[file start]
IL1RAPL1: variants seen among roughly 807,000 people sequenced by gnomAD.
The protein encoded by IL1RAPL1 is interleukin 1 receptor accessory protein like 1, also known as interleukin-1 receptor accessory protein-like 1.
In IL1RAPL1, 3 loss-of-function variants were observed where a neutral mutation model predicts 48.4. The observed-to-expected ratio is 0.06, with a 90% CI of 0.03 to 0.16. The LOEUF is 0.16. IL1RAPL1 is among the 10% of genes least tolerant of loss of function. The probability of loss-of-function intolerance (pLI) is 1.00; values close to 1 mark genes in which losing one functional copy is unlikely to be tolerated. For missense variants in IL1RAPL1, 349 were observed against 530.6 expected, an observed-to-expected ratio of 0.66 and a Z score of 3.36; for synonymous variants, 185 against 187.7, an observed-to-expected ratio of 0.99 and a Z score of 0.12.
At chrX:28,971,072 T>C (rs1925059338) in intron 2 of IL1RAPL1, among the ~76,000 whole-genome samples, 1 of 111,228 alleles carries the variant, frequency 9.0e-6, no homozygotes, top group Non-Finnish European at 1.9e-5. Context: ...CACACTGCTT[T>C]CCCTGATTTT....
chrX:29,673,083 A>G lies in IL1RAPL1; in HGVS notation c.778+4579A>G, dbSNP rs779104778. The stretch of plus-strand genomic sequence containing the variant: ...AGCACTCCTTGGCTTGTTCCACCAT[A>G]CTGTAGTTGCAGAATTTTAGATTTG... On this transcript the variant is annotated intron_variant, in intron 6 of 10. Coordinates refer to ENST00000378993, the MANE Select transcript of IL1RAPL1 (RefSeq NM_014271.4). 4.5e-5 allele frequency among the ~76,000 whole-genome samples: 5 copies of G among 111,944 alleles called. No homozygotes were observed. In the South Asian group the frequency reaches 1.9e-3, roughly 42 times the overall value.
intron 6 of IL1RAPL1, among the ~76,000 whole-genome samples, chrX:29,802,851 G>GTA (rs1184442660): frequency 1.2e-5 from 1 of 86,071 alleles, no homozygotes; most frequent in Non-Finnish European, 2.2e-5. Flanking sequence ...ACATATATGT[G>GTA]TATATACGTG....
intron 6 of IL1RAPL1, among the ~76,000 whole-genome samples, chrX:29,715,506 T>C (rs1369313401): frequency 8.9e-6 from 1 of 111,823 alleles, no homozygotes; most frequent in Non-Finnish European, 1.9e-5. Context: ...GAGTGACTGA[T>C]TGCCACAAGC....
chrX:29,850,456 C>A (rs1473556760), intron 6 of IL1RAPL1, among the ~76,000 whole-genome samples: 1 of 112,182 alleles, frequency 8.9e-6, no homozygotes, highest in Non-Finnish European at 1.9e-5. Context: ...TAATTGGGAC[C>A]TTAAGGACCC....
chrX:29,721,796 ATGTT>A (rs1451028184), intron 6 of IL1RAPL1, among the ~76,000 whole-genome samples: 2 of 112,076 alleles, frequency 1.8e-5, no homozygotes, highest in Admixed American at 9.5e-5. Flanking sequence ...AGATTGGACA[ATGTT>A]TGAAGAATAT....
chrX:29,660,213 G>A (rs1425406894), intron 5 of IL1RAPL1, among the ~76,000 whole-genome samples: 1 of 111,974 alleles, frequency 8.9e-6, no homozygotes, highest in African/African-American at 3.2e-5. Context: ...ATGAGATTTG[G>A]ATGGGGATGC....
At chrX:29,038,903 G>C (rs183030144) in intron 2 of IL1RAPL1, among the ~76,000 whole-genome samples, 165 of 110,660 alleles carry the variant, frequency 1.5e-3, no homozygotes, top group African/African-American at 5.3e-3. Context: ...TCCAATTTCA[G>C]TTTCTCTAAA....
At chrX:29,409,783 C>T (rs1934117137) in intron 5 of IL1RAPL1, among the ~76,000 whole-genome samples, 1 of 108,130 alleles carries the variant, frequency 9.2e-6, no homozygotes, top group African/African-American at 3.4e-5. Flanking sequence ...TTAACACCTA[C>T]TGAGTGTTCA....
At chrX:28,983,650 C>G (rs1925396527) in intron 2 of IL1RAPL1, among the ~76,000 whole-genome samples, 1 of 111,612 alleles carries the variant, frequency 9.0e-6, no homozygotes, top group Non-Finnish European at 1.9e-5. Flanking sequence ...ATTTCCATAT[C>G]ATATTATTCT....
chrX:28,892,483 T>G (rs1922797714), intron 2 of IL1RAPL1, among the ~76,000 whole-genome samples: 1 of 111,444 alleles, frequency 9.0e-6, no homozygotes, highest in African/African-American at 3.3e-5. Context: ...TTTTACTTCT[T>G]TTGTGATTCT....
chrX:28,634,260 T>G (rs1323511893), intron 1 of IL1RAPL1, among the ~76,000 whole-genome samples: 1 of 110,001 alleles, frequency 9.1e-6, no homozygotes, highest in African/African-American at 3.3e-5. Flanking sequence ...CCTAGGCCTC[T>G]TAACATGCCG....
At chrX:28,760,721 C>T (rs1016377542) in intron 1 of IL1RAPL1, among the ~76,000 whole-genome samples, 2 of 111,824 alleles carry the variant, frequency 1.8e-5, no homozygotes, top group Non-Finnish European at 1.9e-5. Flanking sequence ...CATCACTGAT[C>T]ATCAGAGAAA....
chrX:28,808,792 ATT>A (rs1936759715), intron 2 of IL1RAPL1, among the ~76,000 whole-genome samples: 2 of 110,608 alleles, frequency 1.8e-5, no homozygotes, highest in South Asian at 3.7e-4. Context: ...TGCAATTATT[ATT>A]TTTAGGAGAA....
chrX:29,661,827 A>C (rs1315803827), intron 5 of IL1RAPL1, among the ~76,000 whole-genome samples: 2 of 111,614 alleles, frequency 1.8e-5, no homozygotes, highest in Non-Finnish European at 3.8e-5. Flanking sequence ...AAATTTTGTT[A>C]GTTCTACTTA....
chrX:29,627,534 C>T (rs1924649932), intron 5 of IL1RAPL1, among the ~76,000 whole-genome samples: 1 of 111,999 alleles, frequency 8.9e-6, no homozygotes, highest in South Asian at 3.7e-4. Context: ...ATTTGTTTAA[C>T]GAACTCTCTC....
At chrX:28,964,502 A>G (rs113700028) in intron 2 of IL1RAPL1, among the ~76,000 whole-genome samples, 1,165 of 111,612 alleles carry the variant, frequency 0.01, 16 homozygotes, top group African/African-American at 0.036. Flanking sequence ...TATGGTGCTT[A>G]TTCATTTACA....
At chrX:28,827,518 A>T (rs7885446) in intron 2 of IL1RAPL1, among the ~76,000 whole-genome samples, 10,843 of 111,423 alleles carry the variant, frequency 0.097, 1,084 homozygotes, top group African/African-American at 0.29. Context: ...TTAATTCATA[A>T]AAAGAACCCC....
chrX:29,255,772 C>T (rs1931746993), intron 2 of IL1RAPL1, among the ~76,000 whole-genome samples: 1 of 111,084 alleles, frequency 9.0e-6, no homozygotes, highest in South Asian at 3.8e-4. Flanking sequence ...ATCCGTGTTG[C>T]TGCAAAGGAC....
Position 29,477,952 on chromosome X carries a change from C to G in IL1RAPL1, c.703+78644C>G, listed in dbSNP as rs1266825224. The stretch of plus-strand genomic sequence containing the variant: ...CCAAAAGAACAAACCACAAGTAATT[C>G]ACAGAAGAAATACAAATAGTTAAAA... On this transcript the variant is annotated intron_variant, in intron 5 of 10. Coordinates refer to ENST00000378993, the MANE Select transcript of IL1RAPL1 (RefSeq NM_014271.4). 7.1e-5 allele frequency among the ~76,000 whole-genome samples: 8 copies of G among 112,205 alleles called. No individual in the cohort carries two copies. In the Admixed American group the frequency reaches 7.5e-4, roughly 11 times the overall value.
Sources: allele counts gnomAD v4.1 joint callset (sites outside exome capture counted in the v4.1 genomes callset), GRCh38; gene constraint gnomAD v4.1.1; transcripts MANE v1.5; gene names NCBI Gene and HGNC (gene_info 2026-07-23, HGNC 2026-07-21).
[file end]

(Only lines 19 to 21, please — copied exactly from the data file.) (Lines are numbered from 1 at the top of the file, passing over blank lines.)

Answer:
chrX:29,627,534 C>T (rs1924649932), intron 5 of IL1RAPL1, among the ~76,000 whole-genome samples: 1 of 111,999 alleles, frequency 8.9e-6, no homozygotes, highest in South Asian at 3.7e-4. Context: ...ATTTGTTTAA[C>T]GAACTCTCTC....
At chrX:28,964,502 A>G (rs113700028) in intron 2 of IL1RAPL1, among the ~76,000 whole-genome samples, 1,165 of 111,612 alleles carry the variant, frequency 0.01, 16 homozygotes, top group African/African-American at 0.036. Flanking sequence ...TATGGTGCTT[A>G]TTCATTTACA....
At chrX:28,827,518 A>T (rs7885446) in intron 2 of IL1RAPL1, among the ~76,000 whole-genome samples, 10,843 of 111,423 alleles carry the variant, frequency 0.097, 1,084 homozygotes, top group African/African-American at 0.29. Context: ...TTAATTCATA[A>T]AAAGAACCCC....